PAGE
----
Whilst there may be a distinction between sexual predators, who specifically seek employment as Police Officers with the intention of gaining access to vulnerable women and children – the real ‘wolves in sheep’s clothing’ – on the one hand, and those who may commence their Police careers with honest intentions but who through  some default of character or temperament, succumb to the temptations and corruptions of power and opportunity, there is no doubt that all men who seek to exploit their station in the Police for sexual gratification must be rooted out and their victims given all available help and support.

Police Complaint system overhaul 2020

I presently represent a young black man. Back in 2012 when he was just 21 years old, he was  in the park when he was targeted by a Police Officer for a stop and search. My client has always believed that the only ‘grounds’ for the search was the colour of his skin.

During this encounter, he was subjected to an aggressive assault by the officer, who used a choke-hold around his neck, causing my client to fear he might die.  He was then taken into Police custody where he was further subjected to the indignity of a strip-search.  The search was, of course, negative; my client was entirely innocent and had been doing nothing more in the park that day than walking his dog and eating a sandwich.

The Officer falsely maintained that he had suspected my client to have been a drug dealer, but during the course of a subsequent misconduct investigation it came to light that the Officer’s superior had concerns about the Officer’s pattern of conducting stop-searches on individuals during his lunch-hour, apparently in order to justify him putting his feet up for the rest of the day.

My client was, it seems the Officer’s latest victim in this regard, being subjected to a totally unnecessary level of force and humiliation.

My client immediately pursued an official complaint against the Officer, which to his increasing despair dragged on for nearly 6 years before resulting in the complete exoneration of the Officer at a Police misconduct meeting.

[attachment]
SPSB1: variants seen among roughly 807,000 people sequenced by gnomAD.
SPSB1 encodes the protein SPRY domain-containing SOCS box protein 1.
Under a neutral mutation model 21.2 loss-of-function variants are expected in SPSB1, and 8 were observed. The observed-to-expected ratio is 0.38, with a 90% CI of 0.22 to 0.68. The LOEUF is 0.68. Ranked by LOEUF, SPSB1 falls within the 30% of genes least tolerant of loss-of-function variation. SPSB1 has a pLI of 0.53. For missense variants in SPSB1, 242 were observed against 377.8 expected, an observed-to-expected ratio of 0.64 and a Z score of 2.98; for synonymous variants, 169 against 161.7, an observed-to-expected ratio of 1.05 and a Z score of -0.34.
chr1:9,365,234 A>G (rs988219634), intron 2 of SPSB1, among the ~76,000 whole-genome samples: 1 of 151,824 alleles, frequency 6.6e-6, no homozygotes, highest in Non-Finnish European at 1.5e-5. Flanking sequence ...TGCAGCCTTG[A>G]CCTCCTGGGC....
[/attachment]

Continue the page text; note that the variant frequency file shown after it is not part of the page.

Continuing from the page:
Undeterred, my client commenced Court proceedings against the Police  for false imprisonment and assault and battery.

The Police filed a robust defence to the claim disputing my client’s account of events. Then three months before the scheduled trial, out of the blue, the Defendant Force admitted liability – though without any apology even after all this time, and making it clear that from their point of view they were admitting liability only ‘on a technicality’.

The case is now awaiting an Assessment of Damages hearing.

In addition to basic damages for pain, suffering and loss of liberty, my client claims aggravated and exemplary damages.

  • Aggravated damages

Aggravated damages are awarded at the Court’s discretion in addition to basic damages in exceptional cases where:

             The Police have acted to aggravate the Claimant’s basic loss by causing injury to feelings, for example by insulting, humiliating, degrading, distressing and/or outraging the individual; and

             It could result in the Claimant not receiving sufficient compensation for the injuries suffered if the award was restricted to a basic damages only.

Accordingly, aggravated damages are usually awarded in cases involving very serious misconduct/ misbehaviour on the part of the Police (whether individually in the form of the Officer committing the wrongful behaviour in the first place, or institutionally in the way the Police as an organisation have responded to the person’s claim/ complaint).

The Court has given guidelines on the circumstances which might justify an award of aggravated damages including:

  1. humiliating circumstances; or